Be gracious to me, O God, for man tramples on me;
all day long an attacker oppresses me;
2 my enemies trample on me all day long,
for many attack me proudly.
3 When I am afraid,
I put my trust in you.
4 In God, whose word I praise,
in God I trust; I shall not be afraid.
What can flesh do to me?
5 All day long they injure my cause;
all their thoughts are against me for evil.
6 They stir up strife, they lurk;
they watch my steps,
as they have waited for my life.
7 For their crime will they escape?
In wrath cast down the peoples, O God!
8 You have kept count of my tossings;
put my tears in your bottle.
Are they not in your book?
9 Then my enemies will turn back
in the day when I call.
This I know, that God is for me.
10 In God, whose word I praise,
in the Lord, whose word I praise,
11 in God I trust; I shall not be afraid.
What can man do to me?
12 I must perform my vows to you, O God;
I will render thank offerings to you.
13 For you have delivered my soul from death,
yes, my feet from falling,
that I may walk before God
in the light of life.
According to the editor’s note at the beginning of this psalm, this psalm reflects upon the time David was seized by the Philistines in Gath. David was still being pursued by King Saul of Israel, and David feigned insanity to avoid being used as a pawn by Achish the king of Gath. The brief story is recorded in 1 Samuel 21:10-15.
Much could be said about this psalm. Indeed, one of scripture’s most appealing facets is that it reflects light on our lives whether we are in gloom or glory. This psalmist strikes the balance well. Is he afraid? He says that he is. But is he overcome by fear? No. Instead of drowning in his troubles, he remembers that God is trustworthy and strong. There is no person who can destroy us as long as the Lord is with us. Paul borrows from this psalm in Romans 8:31 as he rhetorically asks, “If God is for us, who can be against us?”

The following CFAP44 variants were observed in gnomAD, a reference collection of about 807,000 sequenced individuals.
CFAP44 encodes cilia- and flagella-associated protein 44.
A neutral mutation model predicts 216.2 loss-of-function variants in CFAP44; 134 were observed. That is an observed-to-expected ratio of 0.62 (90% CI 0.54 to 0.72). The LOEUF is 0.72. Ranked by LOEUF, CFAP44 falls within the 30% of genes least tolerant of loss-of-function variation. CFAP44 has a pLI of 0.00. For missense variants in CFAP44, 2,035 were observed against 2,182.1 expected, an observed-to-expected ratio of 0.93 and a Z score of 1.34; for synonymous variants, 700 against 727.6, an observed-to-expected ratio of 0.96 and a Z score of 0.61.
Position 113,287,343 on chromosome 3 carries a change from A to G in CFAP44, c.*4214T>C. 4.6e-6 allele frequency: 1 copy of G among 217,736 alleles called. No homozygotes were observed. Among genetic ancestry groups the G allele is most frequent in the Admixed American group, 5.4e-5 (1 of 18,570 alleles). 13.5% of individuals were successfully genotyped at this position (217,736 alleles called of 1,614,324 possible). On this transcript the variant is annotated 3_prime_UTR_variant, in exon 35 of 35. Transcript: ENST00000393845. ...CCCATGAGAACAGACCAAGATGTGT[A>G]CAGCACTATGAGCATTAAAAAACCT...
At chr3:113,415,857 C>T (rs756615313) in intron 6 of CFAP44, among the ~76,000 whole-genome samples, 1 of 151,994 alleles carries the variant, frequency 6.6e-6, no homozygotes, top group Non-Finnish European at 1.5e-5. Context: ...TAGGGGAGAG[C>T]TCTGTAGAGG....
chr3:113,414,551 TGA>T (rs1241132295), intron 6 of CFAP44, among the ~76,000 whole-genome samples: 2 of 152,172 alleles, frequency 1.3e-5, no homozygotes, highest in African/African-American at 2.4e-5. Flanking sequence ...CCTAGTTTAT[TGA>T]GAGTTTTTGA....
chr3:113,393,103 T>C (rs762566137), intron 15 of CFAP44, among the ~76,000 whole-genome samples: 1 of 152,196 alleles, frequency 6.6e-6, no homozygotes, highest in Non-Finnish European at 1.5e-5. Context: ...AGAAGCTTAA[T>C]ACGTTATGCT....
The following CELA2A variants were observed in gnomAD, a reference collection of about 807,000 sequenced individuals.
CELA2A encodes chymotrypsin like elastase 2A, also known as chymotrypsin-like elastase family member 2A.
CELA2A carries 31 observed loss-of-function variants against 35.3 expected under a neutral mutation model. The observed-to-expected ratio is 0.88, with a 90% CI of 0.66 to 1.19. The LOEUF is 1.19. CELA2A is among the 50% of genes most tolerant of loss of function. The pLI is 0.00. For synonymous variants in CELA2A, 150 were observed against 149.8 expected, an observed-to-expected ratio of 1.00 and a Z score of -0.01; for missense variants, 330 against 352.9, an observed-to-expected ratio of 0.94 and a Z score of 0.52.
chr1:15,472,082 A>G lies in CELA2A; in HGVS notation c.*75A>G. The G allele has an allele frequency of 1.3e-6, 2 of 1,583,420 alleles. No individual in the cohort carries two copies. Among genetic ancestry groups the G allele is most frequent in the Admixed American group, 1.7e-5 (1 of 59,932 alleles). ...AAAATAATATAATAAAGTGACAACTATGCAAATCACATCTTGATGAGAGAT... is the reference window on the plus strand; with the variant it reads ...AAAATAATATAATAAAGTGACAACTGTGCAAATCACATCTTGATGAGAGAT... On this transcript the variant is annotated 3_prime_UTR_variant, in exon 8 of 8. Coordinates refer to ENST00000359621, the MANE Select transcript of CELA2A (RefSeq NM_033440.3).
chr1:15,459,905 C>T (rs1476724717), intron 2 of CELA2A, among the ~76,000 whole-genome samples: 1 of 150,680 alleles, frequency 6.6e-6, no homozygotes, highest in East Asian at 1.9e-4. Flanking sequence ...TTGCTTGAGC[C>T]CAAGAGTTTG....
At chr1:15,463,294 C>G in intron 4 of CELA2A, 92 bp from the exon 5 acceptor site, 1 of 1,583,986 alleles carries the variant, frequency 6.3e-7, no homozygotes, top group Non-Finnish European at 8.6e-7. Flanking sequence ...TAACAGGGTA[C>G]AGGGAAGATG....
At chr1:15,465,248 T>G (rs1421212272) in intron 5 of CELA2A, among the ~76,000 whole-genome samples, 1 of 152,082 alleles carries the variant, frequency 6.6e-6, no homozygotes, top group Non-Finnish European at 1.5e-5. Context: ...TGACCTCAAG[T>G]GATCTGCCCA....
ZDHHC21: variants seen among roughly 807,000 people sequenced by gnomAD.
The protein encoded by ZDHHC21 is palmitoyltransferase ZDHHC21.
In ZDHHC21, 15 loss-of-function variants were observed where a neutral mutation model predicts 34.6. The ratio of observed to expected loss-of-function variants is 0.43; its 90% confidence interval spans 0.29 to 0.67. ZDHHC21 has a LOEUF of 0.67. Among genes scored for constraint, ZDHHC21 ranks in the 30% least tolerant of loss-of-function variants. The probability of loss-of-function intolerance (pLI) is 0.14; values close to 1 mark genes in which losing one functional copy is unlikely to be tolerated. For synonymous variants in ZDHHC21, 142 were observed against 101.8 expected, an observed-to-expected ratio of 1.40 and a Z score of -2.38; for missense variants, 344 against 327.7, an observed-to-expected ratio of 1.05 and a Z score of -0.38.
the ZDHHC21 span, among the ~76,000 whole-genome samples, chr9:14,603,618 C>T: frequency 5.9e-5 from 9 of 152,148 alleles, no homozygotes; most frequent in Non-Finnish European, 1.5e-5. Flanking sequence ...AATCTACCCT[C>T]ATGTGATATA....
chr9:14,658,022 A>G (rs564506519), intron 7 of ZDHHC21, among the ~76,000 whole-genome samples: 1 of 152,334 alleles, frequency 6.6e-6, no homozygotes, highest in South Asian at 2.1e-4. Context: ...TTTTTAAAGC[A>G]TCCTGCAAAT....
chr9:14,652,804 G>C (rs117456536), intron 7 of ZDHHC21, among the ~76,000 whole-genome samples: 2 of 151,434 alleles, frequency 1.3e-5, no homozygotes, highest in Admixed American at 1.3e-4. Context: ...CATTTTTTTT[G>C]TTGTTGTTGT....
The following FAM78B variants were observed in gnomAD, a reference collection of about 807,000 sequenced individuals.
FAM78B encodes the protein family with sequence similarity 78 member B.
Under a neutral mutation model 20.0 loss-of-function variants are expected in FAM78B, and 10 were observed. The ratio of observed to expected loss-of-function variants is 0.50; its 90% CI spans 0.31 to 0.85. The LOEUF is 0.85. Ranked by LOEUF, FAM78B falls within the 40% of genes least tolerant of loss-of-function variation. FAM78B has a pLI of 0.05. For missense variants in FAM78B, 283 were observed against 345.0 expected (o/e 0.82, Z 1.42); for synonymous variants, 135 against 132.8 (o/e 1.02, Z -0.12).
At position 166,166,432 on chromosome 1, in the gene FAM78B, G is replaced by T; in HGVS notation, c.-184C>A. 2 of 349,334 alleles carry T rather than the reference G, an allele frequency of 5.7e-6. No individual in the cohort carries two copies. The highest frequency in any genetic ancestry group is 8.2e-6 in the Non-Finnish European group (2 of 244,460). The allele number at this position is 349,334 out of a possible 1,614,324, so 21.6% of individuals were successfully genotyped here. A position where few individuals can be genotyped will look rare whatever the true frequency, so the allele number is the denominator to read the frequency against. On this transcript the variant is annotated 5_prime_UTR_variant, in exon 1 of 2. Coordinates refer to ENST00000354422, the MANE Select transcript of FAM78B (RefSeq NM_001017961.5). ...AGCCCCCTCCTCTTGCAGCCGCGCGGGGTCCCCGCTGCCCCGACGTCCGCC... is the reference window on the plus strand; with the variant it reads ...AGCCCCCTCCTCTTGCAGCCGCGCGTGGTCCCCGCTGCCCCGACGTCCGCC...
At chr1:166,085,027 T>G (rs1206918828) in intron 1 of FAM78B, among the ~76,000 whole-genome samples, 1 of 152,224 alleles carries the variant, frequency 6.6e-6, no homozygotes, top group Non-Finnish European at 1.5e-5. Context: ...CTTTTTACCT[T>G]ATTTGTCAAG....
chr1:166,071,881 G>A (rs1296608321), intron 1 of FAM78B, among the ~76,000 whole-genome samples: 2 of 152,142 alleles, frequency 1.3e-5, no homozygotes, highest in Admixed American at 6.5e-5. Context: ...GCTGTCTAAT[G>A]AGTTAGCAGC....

It’s also interesting to note that the same idea is recorded in Psalm 118:6 where the psalmist says, “The LORD is on my side; I will not fear. What can man do to me?” It’s interesting because this is the psalm that was being sung as Jesus entered Jerusalem the week of his crucifixion. The echoes of these words would still be ringing through the Judean hills as Jesus went from publicly glorified to crucified within the span of a week. I wonder if Jesus knew the same fear-tinged faith that the writer of Psalm 56 communicates?
We know it, don’t we? We’ve experienced less than perfect relationships and heartbreaks. Or we’ve known the confusion of seeing the wicked prosper around us. But because we’re people of faith, we’re also witnesses to the truth that God does not leave us forsaken. God does take note of our sorrows. He sees our tears, and he will remember his righteousness when he comes again in judgment. So while we wait for God to return and vindicate those who live upright lives, let’s not forget to keep on living. The righteous are not doomed to hiding in the hills forever. David was eventually exalted, and so shall we be. We are called to walk before God in the light of life.
God’s power and grace be with you,